These are the breakthroughs: Melle Mel and Kurtis Blow talk 50 years of hip-hop

Ahead of Atlantic City's 50th Anniversary of Hip Hop Mixtape Live concert, two architects of the genre share stories about "The Message," "The Breaks," "White Lines" and more.

Hip-hop pioneers Melle Mel and Kurtis Blow in the 1980s. (Illustration: Nathalie Cruz / Photos: Getty Images)
Hip-hop pioneers Melle Mel and Kurtis Blow in the 1980s. (Illustration: Nathalie Cruz / Photos: Getty Images)

This year marks the 50th anniversary of hip-hop, and all-star celebrations are taking place across the world throughout 2023 — including a big 50th Anniversary of Hip-Hop Mixtape Live concert on June 17 at Jim Whelan Boardwalk Hall in Atlantic City. The event, curated by DJ Jazzy Jeff, Doug E. Fresh, and Charlie Mack, will feature 50 MCs from the ‘70s, ‘80s, and ‘90s, including the Sugar Hill Gang, Roxanne Shanté, Yo-Yo, EPMD, J.J. Fad, Schooly D, and Monie Love.

But of course, the lineup would not be complete without two architects of the genre: Kurtis Blow, the first rapper to have a gold-selling hip-hop single (with “The Breaks”) and sign to a major label, and Melle Mel, the first hip-hop inductee in the Rock & Roll Hall of Fame (as part of Grandmaster Flash and the Furious Five) and actually the first rapper to call himself an “MC.”

“I always thought [hip-hop] had the potential to be in something really, really special, because of just the popularity that was going around in the Bronx and Harlem and Queens and Brooklyn — how everyone was excited to be at a hip-hop party. That was the thing to do on Fridays and Saturdays. And when you started to hear it on the radio, that's when I really, really knew. I said, ‘Oh my gosh, we have the opportunity for a career with this stuff,’” Blow tells Yahoo Entertainment as he looks back. “It's incredible, the level of success from where we first started, with a couple of groups, to now it's a global phenomenon. It’s unreal. Every day is like dreaming a dream.”

“I always knew that we would be successful. I said that in the beginning,” asserts Mel. “I just didn't think that it would be something that everybody else could do. But I'm fine with that, because I'm still competitive. I'm one of the most competitive guys. … Me pioneering a lot of things and being considered an icon in the genre, I think it's a feather in my cap. At 61 years of age… I know I might not ever be the face of the genre again… but how could me or Kurtis Blow ever be irrelevant in the genre that, No. 1, [we] helped create?”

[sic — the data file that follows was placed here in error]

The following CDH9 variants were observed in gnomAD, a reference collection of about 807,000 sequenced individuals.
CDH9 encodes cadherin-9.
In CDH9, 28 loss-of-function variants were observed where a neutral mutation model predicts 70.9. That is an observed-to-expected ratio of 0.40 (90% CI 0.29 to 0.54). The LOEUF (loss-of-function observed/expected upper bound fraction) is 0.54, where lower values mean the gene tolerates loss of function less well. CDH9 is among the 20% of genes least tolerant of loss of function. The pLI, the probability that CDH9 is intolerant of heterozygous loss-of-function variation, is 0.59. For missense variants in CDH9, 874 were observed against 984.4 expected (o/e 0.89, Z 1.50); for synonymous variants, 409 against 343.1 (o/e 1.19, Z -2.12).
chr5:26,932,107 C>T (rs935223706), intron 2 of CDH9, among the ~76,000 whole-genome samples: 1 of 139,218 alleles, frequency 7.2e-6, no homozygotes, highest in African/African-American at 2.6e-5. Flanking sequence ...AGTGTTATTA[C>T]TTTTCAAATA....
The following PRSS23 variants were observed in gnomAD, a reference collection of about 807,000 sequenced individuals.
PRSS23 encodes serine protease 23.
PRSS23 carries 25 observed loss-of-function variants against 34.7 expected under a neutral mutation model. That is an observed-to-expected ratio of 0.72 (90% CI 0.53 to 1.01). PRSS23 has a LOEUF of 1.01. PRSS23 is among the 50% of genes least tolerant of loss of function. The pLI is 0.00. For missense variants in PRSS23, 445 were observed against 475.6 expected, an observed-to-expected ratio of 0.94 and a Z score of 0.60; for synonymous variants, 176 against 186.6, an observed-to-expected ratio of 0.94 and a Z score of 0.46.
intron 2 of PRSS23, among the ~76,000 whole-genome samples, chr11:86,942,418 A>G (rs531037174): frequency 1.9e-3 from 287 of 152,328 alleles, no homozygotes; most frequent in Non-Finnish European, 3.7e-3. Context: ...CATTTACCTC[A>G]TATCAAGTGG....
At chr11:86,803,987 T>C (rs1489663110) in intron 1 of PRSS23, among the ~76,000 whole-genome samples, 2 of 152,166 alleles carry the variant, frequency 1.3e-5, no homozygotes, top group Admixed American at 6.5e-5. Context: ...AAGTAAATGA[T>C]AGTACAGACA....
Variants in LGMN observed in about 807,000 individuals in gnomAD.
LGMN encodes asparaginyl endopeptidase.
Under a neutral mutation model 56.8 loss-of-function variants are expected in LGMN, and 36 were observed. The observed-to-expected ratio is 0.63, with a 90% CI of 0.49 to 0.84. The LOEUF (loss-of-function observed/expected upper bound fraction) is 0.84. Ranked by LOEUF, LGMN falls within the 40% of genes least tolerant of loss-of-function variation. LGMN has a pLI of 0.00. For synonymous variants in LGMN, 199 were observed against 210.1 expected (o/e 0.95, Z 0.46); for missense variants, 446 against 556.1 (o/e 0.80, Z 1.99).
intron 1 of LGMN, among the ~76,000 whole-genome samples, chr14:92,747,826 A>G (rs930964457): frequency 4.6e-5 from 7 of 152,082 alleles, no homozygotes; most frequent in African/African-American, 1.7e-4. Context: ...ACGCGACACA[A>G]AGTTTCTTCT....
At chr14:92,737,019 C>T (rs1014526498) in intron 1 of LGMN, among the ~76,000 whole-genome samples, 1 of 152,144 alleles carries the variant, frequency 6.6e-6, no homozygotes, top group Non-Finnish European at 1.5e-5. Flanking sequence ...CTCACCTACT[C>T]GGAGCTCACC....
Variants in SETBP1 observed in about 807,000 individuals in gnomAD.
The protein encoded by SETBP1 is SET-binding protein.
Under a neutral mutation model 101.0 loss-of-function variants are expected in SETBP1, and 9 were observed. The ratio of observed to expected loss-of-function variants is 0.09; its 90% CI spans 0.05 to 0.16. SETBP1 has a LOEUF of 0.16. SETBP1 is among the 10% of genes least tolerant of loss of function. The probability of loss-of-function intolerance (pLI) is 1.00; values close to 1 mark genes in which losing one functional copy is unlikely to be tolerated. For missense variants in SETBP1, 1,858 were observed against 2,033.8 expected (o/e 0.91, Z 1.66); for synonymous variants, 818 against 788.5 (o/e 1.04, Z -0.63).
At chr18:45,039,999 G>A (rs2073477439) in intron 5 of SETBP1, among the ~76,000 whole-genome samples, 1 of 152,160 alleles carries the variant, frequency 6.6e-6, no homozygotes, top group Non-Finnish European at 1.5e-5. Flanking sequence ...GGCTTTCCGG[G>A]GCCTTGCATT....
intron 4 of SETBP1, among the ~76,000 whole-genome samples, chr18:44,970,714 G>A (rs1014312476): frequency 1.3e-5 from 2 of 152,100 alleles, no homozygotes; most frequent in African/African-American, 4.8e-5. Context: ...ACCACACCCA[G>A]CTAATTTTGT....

Ahead of Atlantic City’s 50th Anniversary of Hip Hop Mixtape Live extravaganza, Blow and Mel recently took part in Yahoo Entertainment's dual-career-spanning roundtable to share stories about their biggest songs and achievements. Read on, and watch the extended roundtable video embedded here, to learn all about who was originally supposed to record Grandmaster Flash and the Furious Five’s sociopolitical classic “The Message” (and why the Furious Five were reluctant to record it themselves); why Chuck D considers Kurtis’s “Christmas Rappin’” to be “the most relevant song in the history of hip-hop”; why Sugar Hill Records rejected a then-unknown legendary film director’s unofficial video for Melle’s “White Lines”; what Melle (and his fans) really thought of Duran Duran's “White Lines” cover; the “funny deal” that Blow signed early on with Mercury Records; where Melle was when he first heard his rap on Chaka Khan’s “I Feel for You”; how Blow schooled clueless music journalists on his first press tour; how meeting Harry Belafonte changed Melle's life; and much, much more.